Two marines seized by villagers in Thailand's troubled south in response to a shooting incident have been knifed and beaten to death.
Roads to the village were earlier blocked by local women
The men were seized after a drive-by attack on the village of Tanyong Limo, in which at least one person died.
Some villagers said the marines were involved in the attack and were members of a government-backed death squad.
But Thai authorities denied the claim, saying the men were seized as a result of mistaken identity.
Thailand's largely Muslim southern provinces have been hit by a wave of violence for more than a year and a half, leaving more than 900 people dead.
The government has blamed Muslim separatists, while local people have been angered by the security forces' often brutal suppression of the violence.
Correspondents say this incident is the latest sign of an increasing mistrust between southern villagers and the Thai authorities.
The two marines, named as Sub-Lieutenant Vinai Nakhabut and Petty Officer Khamthon Thongeiat, were taken from their car on Tuesday night after villagers accused them of firing shots in connection with an attack on a local teashop.
The pair were in civilian clothes and driving an unmarked car.
SEQUENCE OF EVENTS
At least one person is killed and three injured in a shooting incident on Tuesday evening
Two marines kidnapped by local mob soon afterwards
Hostages taken to local school
Villagers set up roadblocks on Wednesday, preventing troops from entering
Hostages killed, reportedly as villagers heard rumour of a possible attack
"It is a misunderstanding by the villagers. It was a coincidence that the two marines came when the shooting happened," Defence Minister Thammarak Isarangura told reporters.
After taking the two men hostage - reportedly when their car broke down - local youths left them bound and blindfolded in a nearby school.
The villagers then prevented security forces from entering the area, blocking the main road with a log.
Hundreds of women gathered at the scene, holding placards denouncing the government and security forces.
According to a BBC correspondent in Thailand, Jonathan Head, attempts to negotiate the men's release made little headway.
Villagers demanded a withdrawal of security personnel from the area, and called for journalists from nearby Malaysia to come and report on the incident, since they did not trust the Thai media.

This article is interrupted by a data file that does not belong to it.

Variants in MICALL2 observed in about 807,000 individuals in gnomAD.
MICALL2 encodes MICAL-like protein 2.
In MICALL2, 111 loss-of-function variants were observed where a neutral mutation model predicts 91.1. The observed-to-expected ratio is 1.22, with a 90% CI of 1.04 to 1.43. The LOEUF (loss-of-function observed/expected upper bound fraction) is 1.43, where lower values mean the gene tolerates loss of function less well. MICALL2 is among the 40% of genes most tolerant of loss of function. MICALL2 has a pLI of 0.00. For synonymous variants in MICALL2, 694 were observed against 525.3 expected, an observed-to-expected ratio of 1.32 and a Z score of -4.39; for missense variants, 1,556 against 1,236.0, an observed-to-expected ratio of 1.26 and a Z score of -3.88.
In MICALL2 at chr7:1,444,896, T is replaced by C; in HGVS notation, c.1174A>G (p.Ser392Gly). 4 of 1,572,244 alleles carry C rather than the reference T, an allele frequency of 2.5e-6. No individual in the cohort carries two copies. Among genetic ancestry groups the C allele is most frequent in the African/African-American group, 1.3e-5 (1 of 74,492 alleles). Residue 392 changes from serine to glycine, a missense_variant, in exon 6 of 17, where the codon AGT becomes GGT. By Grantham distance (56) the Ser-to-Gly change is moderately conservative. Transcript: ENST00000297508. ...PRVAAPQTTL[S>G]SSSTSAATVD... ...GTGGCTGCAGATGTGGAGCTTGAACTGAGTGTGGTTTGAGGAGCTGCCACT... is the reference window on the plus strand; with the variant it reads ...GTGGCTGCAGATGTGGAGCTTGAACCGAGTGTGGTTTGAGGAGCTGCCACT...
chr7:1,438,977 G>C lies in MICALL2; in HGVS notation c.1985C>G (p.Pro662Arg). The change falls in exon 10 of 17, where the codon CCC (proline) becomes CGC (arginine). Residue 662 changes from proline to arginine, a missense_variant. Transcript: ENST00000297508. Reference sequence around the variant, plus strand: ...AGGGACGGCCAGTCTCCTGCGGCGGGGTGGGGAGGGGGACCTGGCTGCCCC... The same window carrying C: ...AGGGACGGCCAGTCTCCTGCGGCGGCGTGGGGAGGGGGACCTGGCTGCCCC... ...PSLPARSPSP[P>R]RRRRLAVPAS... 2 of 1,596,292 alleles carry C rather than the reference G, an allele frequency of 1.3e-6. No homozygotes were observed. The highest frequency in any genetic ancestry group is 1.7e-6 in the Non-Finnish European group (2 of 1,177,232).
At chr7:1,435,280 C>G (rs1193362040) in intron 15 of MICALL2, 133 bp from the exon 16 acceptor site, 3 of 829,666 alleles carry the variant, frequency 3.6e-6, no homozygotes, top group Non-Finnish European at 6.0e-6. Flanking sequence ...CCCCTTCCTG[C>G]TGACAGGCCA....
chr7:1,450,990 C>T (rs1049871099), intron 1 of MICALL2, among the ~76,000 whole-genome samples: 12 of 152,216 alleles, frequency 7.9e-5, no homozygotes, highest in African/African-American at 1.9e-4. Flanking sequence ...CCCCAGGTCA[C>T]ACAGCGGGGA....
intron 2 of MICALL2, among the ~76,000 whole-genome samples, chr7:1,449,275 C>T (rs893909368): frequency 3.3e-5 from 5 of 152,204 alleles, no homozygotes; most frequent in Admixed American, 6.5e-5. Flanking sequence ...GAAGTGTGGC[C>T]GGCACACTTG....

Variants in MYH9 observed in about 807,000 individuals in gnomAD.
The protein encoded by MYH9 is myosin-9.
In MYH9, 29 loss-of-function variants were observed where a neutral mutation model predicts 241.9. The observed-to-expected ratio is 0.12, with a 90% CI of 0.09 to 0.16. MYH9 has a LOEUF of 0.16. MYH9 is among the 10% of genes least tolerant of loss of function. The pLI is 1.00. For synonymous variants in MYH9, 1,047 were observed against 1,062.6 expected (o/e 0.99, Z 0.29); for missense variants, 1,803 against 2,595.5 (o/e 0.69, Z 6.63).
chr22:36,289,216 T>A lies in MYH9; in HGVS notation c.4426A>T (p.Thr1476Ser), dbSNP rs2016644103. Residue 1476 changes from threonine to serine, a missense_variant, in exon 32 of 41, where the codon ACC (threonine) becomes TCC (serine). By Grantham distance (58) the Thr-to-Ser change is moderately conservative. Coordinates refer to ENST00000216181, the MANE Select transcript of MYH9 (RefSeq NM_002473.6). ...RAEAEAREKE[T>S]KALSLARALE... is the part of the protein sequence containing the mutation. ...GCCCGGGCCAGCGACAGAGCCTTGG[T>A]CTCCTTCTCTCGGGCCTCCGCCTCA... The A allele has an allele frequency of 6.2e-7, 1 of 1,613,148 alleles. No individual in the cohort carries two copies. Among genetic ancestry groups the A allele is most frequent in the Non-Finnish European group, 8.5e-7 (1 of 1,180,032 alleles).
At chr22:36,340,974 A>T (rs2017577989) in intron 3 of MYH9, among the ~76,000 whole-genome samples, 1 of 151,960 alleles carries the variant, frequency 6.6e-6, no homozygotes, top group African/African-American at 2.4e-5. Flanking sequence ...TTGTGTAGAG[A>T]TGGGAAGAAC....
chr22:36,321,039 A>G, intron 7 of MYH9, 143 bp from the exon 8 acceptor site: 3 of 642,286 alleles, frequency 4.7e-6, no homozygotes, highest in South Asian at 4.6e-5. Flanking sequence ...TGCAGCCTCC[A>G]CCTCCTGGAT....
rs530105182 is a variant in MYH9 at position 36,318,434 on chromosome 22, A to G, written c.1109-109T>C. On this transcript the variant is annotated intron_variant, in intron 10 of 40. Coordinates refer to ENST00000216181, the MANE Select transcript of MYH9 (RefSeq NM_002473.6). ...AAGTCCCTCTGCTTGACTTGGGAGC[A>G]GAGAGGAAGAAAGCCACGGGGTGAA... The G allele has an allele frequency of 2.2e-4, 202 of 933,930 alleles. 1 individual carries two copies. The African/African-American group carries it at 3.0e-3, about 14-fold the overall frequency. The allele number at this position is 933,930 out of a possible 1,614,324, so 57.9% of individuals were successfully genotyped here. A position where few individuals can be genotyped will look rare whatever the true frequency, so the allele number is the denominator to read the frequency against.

But before the journalists could arrive, the two marines were bludgeoned and stabbed to death, after a rumour spread that the villagers were about to be attacked by troops.
Waehamae Baga, a government negotiator who visited the scene, told Thai media the two marines "were tied together by rope, and they were apparently hit on the head with hard objects before being stabbed."
The bodies of the two men have now been recovered by the Thai military.
Despite strong government denials, many people in southern Thailand are convinced that the police and military are operating death squads which are targeting Islamic leaders and human rights activists.
The government must now decide how to respond to the killing of the marines, our correspondent says.
Home to most of Thailand's 4% Muslim minority
Muslim rebels fought the government up to the mid-80s
Suspected militants have upped attacks since 2004, targeting Buddhists
Security forces' response criticised by rights groups
Prime Minister Thaksin Shinawatra told reporters in Bangkok that justice would be done.
"The authorities tried to negotiate with [the villagers] and were extremely patient, but these people came back with inhuman cruelty and torture," he said.
"What happened shows that these people want violence and not peace."
But before now, the harsh reaction of the security forces to the ongoing insurgency has done little to reduce the levels of violence, and the authorities will be under pressure to make sure they do not inflame the situation still further.